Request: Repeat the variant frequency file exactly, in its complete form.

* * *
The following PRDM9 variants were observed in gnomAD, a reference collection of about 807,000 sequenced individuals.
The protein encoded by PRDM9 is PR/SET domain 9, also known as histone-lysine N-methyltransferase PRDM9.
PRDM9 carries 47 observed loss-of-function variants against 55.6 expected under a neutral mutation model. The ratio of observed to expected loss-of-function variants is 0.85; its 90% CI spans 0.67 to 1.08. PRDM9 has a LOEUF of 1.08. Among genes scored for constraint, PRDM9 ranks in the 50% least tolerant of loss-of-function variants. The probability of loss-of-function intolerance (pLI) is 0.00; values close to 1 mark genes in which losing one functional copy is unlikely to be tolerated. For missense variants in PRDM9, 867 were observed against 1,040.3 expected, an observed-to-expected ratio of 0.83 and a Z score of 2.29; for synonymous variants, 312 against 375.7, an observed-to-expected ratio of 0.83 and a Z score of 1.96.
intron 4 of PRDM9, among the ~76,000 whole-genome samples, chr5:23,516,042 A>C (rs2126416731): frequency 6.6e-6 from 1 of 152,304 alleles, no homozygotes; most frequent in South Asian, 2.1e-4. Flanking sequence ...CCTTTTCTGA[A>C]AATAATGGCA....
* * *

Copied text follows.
The following PRDM9 variants were observed in gnomAD, a reference collection of about 807,000 sequenced individuals.
The protein encoded by PRDM9 is PR/SET domain 9, also known as histone-lysine N-methyltransferase PRDM9.
PRDM9 carries 47 observed loss-of-function variants against 55.6 expected under a neutral mutation model. The ratio of observed to expected loss-of-function variants is 0.85; its 90% CI spans 0.67 to 1.08. PRDM9 has a LOEUF of 1.08. Among genes scored for constraint, PRDM9 ranks in the 50% least tolerant of loss-of-function variants. The probability of loss-of-function intolerance (pLI) is 0.00; values close to 1 mark genes in which losing one functional copy is unlikely to be tolerated. For missense variants in PRDM9, 867 were observed against 1,040.3 expected, an observed-to-expected ratio of 0.83 and a Z score of 2.29; for synonymous variants, 312 against 375.7, an observed-to-expected ratio of 0.83 and a Z score of 1.96.
intron 4 of PRDM9, among the ~76,000 whole-genome samples, chr5:23,516,042 A>C (rs2126416731): frequency 6.6e-6 from 1 of 152,304 alleles, no homozygotes; most frequent in South Asian, 2.1e-4. Flanking sequence ...CCTTTTCTGA[A>C]AATAATGGCA....